Using genetic testing, two mosquito-borne viruses were detected - the Barkedji virus and Bagaza virus - in this species.

Mosquito traps were used to collect the insects at Al Qudra Lakes, Dubai. Photo by Jeremy Camp 
Mosquito traps were used to collect the insects at Al Qudra Lakes, Dubai. Photo by Jeremy Camp 

An outbreak of Bagaza virus in Spain in 2010 killed pheasants and partridges, although the virus does not harm people.

Speaking to The National, Dr Camp, lead author of the study which was published in the UK-based journal Parasites and Vectors and co-written by researchers at Dubai Municipality and the Mohammed Bin Rashid University of Medicine and Health Science in Dubai, said that C. perexiguus was potentially benefiting from man-made water sources in the Emirates.

His paper also warned that efforts to irrigate the desert in parts of the UAE may lead to the creation of even more water sources where mosquitoes can breed.

C. perexiguus mainly feeds by sucking the blood of birds, and in other countries it transmits West Nile Virus, which can be deadly to people. This virus was not, however, detected in the Emirates.

Mosquitoes regularly spark concern in the country, with authorities, such as the waste management company Tadweer, receiving thousands of calls annually from residents requesting mosquito populations be sprayed with bio pesticides.

In June last year Tadweer, in collaboration with Abu Dhabi Food Control Authority and Abu Dhabi Farmers’ Services Centre, launched an awareness campaign.

Farmers were urged to remove stagnant water from ponds and water tanks, and to keep them covered. Homeowners were advised to prevent water from accumulating in containers such as plant pots.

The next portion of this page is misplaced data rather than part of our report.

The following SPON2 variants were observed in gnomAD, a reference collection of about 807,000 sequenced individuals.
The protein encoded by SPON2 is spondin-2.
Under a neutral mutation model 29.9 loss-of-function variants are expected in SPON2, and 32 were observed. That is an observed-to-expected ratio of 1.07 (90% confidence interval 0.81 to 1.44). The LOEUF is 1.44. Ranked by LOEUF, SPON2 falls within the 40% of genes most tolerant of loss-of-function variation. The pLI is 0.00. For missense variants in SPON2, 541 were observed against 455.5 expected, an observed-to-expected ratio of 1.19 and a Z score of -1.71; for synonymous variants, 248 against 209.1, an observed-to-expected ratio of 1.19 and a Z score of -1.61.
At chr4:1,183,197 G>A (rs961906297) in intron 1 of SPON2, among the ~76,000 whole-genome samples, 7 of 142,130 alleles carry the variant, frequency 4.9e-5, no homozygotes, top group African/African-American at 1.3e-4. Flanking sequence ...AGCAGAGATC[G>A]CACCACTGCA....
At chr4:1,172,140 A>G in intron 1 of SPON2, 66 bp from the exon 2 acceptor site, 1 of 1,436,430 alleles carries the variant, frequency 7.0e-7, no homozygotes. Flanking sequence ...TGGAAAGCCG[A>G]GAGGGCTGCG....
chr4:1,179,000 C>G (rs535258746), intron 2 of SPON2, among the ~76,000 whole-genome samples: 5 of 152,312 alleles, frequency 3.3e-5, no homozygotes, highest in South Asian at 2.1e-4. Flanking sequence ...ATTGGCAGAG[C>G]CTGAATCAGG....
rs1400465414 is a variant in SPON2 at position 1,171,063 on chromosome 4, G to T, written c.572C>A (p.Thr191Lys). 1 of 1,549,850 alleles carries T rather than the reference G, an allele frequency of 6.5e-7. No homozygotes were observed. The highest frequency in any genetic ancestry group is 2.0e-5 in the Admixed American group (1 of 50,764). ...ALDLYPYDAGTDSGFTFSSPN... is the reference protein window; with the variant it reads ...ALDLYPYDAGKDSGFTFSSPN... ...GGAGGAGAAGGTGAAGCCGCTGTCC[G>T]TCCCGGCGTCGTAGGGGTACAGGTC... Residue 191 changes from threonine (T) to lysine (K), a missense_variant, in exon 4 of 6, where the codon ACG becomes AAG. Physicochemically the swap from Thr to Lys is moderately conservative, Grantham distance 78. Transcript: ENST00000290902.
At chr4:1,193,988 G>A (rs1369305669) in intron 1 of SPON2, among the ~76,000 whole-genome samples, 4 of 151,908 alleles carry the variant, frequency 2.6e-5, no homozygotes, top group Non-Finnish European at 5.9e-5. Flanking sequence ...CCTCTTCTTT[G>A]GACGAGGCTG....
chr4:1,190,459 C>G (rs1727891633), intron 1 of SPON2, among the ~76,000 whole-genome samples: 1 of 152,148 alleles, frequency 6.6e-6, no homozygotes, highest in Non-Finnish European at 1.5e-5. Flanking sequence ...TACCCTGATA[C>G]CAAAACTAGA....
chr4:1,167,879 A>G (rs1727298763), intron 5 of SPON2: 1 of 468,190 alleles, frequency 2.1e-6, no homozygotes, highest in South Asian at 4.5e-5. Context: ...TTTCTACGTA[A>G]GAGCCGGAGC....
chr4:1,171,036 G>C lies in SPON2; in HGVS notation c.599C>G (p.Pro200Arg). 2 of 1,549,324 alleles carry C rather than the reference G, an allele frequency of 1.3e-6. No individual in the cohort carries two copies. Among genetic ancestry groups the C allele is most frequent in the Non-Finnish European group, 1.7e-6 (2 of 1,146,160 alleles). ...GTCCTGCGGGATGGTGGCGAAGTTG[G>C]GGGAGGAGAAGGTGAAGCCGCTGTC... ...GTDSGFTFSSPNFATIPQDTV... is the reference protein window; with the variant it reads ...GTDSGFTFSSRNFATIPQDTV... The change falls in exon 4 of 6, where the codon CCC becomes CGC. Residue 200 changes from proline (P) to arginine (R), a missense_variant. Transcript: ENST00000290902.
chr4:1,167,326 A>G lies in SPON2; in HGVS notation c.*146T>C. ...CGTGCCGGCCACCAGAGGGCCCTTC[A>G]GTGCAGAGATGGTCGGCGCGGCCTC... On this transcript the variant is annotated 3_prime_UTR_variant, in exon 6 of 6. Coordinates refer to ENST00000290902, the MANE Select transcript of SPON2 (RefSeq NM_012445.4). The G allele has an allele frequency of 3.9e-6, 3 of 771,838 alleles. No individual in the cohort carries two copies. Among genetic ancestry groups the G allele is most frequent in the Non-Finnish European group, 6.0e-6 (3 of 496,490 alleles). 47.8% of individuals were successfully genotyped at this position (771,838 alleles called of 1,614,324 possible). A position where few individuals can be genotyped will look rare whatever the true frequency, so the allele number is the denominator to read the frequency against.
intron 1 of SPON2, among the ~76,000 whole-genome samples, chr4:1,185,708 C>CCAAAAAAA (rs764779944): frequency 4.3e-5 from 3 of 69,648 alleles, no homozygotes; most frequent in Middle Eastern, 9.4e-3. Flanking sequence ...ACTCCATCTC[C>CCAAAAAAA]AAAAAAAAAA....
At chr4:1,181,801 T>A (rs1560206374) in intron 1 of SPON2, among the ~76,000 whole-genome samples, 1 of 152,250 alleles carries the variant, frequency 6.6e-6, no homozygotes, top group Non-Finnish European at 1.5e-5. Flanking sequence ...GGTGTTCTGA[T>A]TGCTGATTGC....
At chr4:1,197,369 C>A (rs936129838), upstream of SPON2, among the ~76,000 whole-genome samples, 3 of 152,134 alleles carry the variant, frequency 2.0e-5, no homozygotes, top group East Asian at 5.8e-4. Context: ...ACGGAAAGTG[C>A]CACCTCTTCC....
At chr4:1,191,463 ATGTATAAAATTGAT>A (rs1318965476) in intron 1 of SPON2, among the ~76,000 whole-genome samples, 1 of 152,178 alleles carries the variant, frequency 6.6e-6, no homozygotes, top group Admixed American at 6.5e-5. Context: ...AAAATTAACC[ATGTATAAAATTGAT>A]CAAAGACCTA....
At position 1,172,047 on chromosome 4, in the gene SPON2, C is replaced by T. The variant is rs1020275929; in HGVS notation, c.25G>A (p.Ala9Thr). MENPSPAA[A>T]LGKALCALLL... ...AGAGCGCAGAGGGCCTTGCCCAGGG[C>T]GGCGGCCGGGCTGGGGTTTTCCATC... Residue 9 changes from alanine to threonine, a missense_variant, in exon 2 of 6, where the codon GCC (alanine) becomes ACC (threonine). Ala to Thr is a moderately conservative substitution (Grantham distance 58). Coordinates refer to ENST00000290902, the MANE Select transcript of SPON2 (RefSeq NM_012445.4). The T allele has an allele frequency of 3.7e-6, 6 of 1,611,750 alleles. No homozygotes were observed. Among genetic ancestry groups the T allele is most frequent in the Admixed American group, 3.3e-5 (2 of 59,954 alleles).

Dinesh Ramachandran, UAE health and safety manager for Rentokil, said even small pockets of water could contain as many as 1,000 mosquito larvae. He said the company was dealing with mosquito-related call-outs “pretty much every day” in the UAE.

Dr Jeremy Camp with the mosquito traps that were used to collect the creatures at Al Ain Oasis. Photo by Norbert Nowotny 
Dr Jeremy Camp with the mosquito traps that were used to collect the creatures at Al Ain Oasis. Photo by Norbert Nowotny

“We get calls from residential clients, resorts, hotels, commercial properties, including buildings under construction,” he said.

“Standing water is an invitation to mosquitoes. If you have buckets outside or children’s toys, anything that can collect water, we would want that emptied.”

Dr Camp said the health ministry and other authorities are working hard to keep mosquito populations under control.

He said the study found no mosquitoes which posed a threat to humans but indicated there was no room for complacency.

“Mosquitoes are insidious, and species such as Aedes aegypti [which can transmit the Dengue virus] are notorious for sneaking into countries unnoticed until it’s too late,” he said.

Updated: April 19, 2019 05:05 PM